I don't quite know what to make about Megyn Kelly announcing last week that she's taking a 10-day vacation from her "Fox News" hosting duties.
Now, it's possible that she had this vacation planned all along. But my understanding (and this is been a little bit though to confirm) is that it if she that was the case, it had only been three days. So, an extra weeks appears to have been tacked on, at best.
It's difficult to know if this is at her request, coming as it does following the bizarre controversy between her and Donald Trump with her debate question, and his response -- and his follow-up slams. And the Fox viewer responses towards her that have apparently been vicious. Or if it was Fox's choice? And whoever made the decision -- was it done to let passions cool down, or more out of petulance, by either side??
Whatever the answer, it's hard to imagine that this was just a planned vacation. In part because of the timing, in part because of the (apparently) added days, in part because of the reactions on all sides, but also in large part because of her own announcement on her show.
Hosts do sometimes announce their time off, but not always, and it's usually very brief. "Ill be take taking off for a week. Jerry Granvile will be sitting in here, so you'll be in good hands." But Ms. Kelly awkwardly and almost breathlessly goes out of her way to explain why she's taking time off. And it's basically because she's been SO stressed from working so hard that she needs it. Noting, too, that "It's been an interesting week." There's a whole lot of "Methinks she doth protest to much" going on here for it just to be "I'm going on vacation, see you soon."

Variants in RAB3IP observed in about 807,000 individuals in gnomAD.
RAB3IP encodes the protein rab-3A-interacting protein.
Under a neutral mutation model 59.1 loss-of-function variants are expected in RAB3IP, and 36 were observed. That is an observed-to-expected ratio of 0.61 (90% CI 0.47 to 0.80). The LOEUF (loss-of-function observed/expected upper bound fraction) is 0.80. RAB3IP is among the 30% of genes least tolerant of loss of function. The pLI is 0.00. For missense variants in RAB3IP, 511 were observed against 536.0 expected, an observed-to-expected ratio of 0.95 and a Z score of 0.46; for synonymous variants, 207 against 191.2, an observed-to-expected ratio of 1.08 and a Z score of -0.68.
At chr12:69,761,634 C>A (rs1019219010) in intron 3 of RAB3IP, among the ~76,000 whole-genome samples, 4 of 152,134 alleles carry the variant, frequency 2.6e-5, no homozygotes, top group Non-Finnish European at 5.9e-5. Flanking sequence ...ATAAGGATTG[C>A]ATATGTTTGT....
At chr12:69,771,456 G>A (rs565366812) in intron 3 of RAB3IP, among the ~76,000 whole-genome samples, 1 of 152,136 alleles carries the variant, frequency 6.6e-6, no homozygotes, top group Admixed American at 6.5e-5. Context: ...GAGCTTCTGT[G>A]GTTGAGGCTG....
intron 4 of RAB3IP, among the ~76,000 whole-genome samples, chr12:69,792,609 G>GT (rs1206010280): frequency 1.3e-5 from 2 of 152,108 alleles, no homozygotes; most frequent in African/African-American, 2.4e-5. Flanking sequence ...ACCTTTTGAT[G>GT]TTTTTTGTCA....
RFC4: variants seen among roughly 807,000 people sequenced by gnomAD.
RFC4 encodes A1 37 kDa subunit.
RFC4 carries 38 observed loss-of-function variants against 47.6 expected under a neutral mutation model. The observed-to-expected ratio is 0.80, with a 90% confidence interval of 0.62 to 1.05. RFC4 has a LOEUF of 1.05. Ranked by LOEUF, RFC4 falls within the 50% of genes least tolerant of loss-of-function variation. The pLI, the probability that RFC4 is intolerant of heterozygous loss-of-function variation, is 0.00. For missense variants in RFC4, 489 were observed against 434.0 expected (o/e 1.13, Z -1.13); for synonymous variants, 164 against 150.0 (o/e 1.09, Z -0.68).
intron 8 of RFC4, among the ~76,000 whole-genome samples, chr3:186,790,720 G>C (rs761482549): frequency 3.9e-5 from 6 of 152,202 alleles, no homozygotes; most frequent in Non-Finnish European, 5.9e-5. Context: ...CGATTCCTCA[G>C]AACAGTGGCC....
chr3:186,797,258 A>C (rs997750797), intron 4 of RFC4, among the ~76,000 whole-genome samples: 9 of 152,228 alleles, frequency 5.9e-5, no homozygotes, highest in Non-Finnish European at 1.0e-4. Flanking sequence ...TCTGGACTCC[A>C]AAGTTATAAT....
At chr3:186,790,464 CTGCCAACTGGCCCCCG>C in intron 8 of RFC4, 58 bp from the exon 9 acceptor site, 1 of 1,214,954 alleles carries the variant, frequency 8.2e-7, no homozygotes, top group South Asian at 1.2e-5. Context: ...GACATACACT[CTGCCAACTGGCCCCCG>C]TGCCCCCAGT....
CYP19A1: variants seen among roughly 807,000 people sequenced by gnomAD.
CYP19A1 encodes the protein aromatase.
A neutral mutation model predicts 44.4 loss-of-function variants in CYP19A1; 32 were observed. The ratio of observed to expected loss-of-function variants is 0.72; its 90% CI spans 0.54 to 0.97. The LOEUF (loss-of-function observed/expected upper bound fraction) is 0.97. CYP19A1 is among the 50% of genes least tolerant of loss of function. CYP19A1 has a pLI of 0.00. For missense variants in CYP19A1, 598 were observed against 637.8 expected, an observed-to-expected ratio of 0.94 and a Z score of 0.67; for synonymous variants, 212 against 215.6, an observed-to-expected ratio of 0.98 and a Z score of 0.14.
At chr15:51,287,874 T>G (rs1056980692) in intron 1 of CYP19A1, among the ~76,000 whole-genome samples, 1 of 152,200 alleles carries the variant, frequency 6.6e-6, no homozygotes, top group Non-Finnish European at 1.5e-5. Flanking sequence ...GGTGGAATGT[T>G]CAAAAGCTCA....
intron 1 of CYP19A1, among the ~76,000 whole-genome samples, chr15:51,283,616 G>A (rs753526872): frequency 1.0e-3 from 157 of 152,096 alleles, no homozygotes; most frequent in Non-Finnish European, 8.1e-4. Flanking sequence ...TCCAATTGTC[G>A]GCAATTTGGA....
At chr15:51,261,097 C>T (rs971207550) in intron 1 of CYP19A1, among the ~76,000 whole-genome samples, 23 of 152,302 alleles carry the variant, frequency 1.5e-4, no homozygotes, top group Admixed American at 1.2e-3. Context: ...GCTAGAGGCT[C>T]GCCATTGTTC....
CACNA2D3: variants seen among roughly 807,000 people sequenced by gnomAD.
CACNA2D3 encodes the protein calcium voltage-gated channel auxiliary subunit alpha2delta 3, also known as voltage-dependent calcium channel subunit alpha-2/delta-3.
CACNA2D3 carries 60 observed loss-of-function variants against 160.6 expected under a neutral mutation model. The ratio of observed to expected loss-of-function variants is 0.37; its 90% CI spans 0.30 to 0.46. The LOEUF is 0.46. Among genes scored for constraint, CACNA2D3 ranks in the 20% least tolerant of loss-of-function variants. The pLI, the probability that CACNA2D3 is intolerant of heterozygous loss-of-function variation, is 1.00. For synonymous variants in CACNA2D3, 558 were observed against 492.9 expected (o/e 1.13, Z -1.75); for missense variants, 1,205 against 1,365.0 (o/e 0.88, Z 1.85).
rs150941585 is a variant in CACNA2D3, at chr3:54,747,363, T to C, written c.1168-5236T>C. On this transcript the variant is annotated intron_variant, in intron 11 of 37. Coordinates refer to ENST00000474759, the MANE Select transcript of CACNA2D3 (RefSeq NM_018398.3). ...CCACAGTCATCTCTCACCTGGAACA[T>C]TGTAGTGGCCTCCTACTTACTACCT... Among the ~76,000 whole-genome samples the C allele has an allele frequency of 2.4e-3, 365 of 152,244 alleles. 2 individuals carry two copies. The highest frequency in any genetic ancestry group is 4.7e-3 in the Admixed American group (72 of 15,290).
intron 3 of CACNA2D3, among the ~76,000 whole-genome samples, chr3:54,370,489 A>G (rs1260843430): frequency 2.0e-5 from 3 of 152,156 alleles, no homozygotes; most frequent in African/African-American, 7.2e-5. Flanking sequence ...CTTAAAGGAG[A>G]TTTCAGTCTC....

By the way, the only thing I do know about all this is that the whole controversy is insane, and that it speaks volumes about "Fox News" viewers and management. And I am 100% in support of Megyn Kelly, who did absolutely nothing wrong and acted only as a normal journalist, asking a rational question. The problem, of course, is that this was on "Fox News", where "normal journalist" and "rational question" can be the cause of angst and outrage.
This was a debate of 10 people running for President of the United States. They'd darn well better be prepared and able to take incredibly hard questions, the most difficult questions possible. (As Kelly herself noted to Mr. Trump, "If you can’t get past me, how are you going to handle Vladimir Putin?") And the thing is, she asked several pointed, and very fair questions to the range of candidates, not just to poor victim Donald Trump. And the thing is even more -- the question she asked to Donald Trump was pretty easy. Not quite a softball, but not far off. What made it perhaps seem oh-so tough was the set-up to put the question in context. But the question itself when she got around to asking it was easy. And it all even began with a compliment. And the only reason the context seemed oh-so tough was because Donald Trump had created a very bad foundation for himself.